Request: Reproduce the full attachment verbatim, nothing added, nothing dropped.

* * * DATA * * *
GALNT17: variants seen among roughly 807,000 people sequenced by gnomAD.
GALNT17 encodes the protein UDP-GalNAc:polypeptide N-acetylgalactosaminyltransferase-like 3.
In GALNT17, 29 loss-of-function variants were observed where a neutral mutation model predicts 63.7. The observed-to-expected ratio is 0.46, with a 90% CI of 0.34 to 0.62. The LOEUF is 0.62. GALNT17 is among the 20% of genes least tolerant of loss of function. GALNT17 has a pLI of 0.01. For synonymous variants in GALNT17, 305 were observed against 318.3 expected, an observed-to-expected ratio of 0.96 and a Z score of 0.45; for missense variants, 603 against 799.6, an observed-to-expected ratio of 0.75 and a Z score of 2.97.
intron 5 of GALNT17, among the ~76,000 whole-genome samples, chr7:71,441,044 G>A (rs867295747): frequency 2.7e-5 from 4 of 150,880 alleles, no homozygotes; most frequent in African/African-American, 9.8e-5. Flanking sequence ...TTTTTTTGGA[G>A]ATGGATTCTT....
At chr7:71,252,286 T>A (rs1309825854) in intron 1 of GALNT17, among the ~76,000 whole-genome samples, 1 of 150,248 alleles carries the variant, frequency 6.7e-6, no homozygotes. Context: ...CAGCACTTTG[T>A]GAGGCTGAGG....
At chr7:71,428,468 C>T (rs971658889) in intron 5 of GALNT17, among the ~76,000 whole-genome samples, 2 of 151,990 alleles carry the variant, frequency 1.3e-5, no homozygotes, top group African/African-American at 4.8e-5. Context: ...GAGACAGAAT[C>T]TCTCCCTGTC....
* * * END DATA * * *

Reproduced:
GALNT17: variants seen among roughly 807,000 people sequenced by gnomAD.
GALNT17 encodes the protein UDP-GalNAc:polypeptide N-acetylgalactosaminyltransferase-like 3.
In GALNT17, 29 loss-of-function variants were observed where a neutral mutation model predicts 63.7. The observed-to-expected ratio is 0.46, with a 90% CI of 0.34 to 0.62. The LOEUF is 0.62. GALNT17 is among the 20% of genes least tolerant of loss of function. GALNT17 has a pLI of 0.01. For synonymous variants in GALNT17, 305 were observed against 318.3 expected, an observed-to-expected ratio of 0.96 and a Z score of 0.45; for missense variants, 603 against 799.6, an observed-to-expected ratio of 0.75 and a Z score of 2.97.
intron 5 of GALNT17, among the ~76,000 whole-genome samples, chr7:71,441,044 G>A (rs867295747): frequency 2.7e-5 from 4 of 150,880 alleles, no homozygotes; most frequent in African/African-American, 9.8e-5. Flanking sequence ...TTTTTTTGGA[G>A]ATGGATTCTT....
At chr7:71,252,286 T>A (rs1309825854) in intron 1 of GALNT17, among the ~76,000 whole-genome samples, 1 of 150,248 alleles carries the variant, frequency 6.7e-6, no homozygotes. Context: ...CAGCACTTTG[T>A]GAGGCTGAGG....
At chr7:71,428,468 C>T (rs971658889) in intron 5 of GALNT17, among the ~76,000 whole-genome samples, 2 of 151,990 alleles carry the variant, frequency 1.3e-5, no homozygotes, top group African/African-American at 4.8e-5. Context: ...GAGACAGAAT[C>T]TCTCCCTGTC....